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Course: MAP Recommended Practice>Unit 29

Lesson 1: Counting small numbers

Counting in order

Learn how to count without making mistakes.

Want to join the conversation?

• Do we have to count from zero? Can we count from one?
• Yes you can count from one
• Why do we have numbers? And why do we need them?
• Hey, TaeTae! Numbers were invented many centuries ago to help us better understand the world around us! Numbers help us to do any kind of math imaginable, and math is especially important to science, which helps us understand the world and the universe. It all circles back to numbers! Hope this helped :)
• Are there numbers less than 0?
• Should we should start from zero or one?
• If you start from nothing, then you would start from zero. Otherwise, start from one.
• Why do we count in base 10?
• Probably because we (usually) have 10 fingers. Also because it's a pretty good compromise between not having too many different digits to remember and keeping numbers relatively concise – e.g. for base 20 you'd need 20 symbols, and in base 2 fairly small numbers run really long very quickly.
• Why do they call it eleven instead of onety-one?
• The Modern English eleven descends from Old English "endleofan", and
related forms in the various Germanic languages point back to an original
German compound word ainlif. Ainlif is composed of ain meaning one and the suffix lif(lifted straight from the German root lib) meaning "to adhere/remain/remain left over". So, Eleven means literally "one-left" (ie one past ten). Hence Eleven.
• How long do numbers really go and why are there so many numbers?
• Numbers go on infinitely, but some people say infinity is the highest point for it to go. This is what I think about the infinite numbers: there are so many numbers because if one were to own so much of one thing, and the amount surpassed the ending number, how much would one own? Also, it doesn't make sense for it to just end. Then what would be after it? I hope this answers your question.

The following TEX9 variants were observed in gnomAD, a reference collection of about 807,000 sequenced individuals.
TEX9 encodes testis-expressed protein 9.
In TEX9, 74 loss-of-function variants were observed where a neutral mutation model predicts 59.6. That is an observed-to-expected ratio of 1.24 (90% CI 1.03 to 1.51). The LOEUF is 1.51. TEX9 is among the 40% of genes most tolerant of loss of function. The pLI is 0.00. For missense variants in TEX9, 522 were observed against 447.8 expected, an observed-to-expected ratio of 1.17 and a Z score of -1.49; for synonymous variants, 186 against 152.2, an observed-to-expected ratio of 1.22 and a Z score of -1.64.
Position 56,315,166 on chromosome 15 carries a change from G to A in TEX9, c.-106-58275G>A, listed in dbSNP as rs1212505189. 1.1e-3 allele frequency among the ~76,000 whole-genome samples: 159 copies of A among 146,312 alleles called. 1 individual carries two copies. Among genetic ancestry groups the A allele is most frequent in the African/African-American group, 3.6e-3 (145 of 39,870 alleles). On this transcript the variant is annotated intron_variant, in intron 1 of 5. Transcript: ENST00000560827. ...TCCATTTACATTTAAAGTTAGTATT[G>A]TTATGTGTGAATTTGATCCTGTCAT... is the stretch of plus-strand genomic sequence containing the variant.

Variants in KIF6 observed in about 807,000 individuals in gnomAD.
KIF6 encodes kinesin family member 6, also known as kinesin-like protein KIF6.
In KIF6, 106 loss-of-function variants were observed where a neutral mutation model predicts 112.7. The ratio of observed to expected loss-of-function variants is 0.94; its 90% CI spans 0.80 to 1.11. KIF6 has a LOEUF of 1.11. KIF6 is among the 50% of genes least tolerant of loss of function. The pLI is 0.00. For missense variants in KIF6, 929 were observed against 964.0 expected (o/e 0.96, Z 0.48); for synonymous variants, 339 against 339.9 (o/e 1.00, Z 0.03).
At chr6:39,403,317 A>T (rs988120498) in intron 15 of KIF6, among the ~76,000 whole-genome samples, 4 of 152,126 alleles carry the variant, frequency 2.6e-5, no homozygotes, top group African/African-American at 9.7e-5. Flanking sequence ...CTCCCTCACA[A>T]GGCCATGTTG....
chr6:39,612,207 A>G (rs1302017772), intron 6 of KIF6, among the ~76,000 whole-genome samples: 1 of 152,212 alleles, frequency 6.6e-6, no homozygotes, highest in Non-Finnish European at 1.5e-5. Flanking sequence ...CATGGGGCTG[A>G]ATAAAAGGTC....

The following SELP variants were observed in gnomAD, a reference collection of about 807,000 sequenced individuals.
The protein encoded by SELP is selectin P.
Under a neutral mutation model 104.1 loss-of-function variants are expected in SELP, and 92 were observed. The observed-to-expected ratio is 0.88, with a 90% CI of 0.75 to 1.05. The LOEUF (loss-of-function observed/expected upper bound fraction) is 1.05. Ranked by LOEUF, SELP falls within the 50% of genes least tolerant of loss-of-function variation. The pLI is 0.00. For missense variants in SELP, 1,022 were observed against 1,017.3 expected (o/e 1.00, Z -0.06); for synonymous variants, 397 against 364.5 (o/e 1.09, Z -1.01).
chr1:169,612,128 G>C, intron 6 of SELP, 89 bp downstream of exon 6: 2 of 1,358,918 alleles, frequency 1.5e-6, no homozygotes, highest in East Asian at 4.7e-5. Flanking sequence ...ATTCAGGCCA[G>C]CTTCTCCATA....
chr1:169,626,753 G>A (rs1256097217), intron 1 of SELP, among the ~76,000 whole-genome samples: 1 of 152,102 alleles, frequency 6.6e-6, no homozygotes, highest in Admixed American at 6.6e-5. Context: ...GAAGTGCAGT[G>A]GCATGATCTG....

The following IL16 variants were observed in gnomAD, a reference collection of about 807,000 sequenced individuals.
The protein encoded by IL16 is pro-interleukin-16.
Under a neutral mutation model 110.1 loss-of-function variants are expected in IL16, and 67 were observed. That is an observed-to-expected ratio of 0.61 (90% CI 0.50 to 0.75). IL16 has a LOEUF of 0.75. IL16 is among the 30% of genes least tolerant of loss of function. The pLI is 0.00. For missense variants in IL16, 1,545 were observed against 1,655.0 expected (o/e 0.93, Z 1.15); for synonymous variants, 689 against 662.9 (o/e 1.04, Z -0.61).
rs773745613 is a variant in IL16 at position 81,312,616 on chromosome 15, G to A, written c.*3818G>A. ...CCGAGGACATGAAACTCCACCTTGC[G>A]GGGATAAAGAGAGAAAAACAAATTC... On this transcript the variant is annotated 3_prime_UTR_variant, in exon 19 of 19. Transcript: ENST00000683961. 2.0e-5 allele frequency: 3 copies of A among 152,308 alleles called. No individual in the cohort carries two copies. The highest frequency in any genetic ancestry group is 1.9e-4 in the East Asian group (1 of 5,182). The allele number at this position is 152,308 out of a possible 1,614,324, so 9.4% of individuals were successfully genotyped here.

• why are there negative numbers?
• Negative numbers are used to describe numbers that go below zero.
• Aren't counting numbers the same as whole numbers?
• why yes it is. the same numbers that you use to count are whole numbers.
(1 vote)
• How do you count numbers that arent in order? Like negative numbers, fractions, etc.?
• -2, -1, 0, 1/4, 1/2, 3/4, 1. there are smaller fractions in between those fractions and negative fractions, you'll learn a lot more about this around 5th - 6th grade

Video transcript

- [Voiceover] How do we count the flowers? So, this first choice, they go one, two, three, and then they don't count this one and then they skip it and they go four, five, six, and then they skip this one again, and then they say seven, eight. That's not how you count flowers! You'd say this is four, this is five, six, seven, eight, nine, 10. So, this first choice is not right. Now, the second one looks better. One, two, three, four, they didn't skip this one, five, six, seven, eight, nine, 10. That one looks good so I'll click right over here and check my answer. How do we count the mice? Let's see, one, two, this isn't the third mouse! This is the second mouse! This is crazy, this isn't right. All right, this one over here. One, two, three, four, five, six, seven, this is right. Up here they skipped the number two, this should be the second mouse, not the third mouse! All right. Let's keep going. Type the missing numbers. It says count the ladybugs. Type the missing numbers in the boxes. All right, this is ladybug number one. Two, then let me type three, then let me type four. It's a lot of fun. Count the flowers. Type the missing numbers in the boxes. This is flower number one, flower number two. Just gonna type that right in there. Check it, lemme do one more. How do we count the flowers? So, we saw one like this a few questions ago. One, two, three, four, five, six, seven, eight, nine, 10. That one looks good. This one, just like the last time, they skipped, actually they skipped the same ones. This wouldn't be the right way to do it. So, we select this one right here, and then we're done.